Some 20 years ago, he embedded with homeless populations in Orlando and Mobile, Alabama. His Alabama work resulted in a book that was sold as a fundraiser for a homeless coalition. He’s pointing toward doing more work with the homeless in the future.

In 2000, Barfield went to work for Sachs Communications (now Sachs Media Group) when the business was new and located in a second-floor office on College Avenue in Tallahassee. For starters, it was just Michelle Ubben, currently the agency’s president; creative director Barfield; and founder Ron Sachs, who could be furiously cantankerous back in the day but has mellowed over time, Barfield said.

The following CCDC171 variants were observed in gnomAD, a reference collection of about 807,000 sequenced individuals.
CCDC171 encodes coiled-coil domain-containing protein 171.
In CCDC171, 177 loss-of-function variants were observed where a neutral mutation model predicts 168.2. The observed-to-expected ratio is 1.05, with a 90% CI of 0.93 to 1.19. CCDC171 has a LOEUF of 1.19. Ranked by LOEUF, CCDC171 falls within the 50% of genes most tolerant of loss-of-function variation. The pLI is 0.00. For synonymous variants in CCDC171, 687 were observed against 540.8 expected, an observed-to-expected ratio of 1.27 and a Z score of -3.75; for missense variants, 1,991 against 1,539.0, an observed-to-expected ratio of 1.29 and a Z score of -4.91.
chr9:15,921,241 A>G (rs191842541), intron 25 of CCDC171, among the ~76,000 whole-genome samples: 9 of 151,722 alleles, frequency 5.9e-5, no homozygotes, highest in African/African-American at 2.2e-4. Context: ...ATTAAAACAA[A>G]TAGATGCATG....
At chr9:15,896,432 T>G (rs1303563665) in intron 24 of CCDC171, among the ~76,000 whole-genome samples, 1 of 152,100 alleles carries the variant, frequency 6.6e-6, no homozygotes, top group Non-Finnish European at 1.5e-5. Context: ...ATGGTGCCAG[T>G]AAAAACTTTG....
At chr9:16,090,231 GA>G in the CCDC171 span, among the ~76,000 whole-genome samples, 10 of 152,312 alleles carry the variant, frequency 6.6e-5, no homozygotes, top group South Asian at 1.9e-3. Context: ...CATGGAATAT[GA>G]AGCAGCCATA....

In 2010, Barfield joined the National High Magnetic Field Laboratory in Tallahassee as a photographer and also did work at the mag lab in Los Alamos, New Mexico. He shot some “amazing stuff” and encountered people who were more brilliant than practical. “There were a lot of that type,” he said.

Barfield is a cave-diving enthusiast — open-water diving, he said, is “boring; you can go anywhere you want” — and has done underwater cave photography for state agencies. At Leonia, he is near Vortex Springs, a popular cave diving spot, and isn’t far from his favorite cave dive, Morrison Springs.

Barfield harbors a desire to “just drive around Florida” and find interesting people and things to photograph. 

“I did that in Alabama, and I came across a big, giant tin man 50 feet tall in a field,” he recalled. “A man had made it out of scrap metal as a hobby.” While of similar stature, it was, unlike Burning Man, not flammable.

The conversation comes back around to homeless people.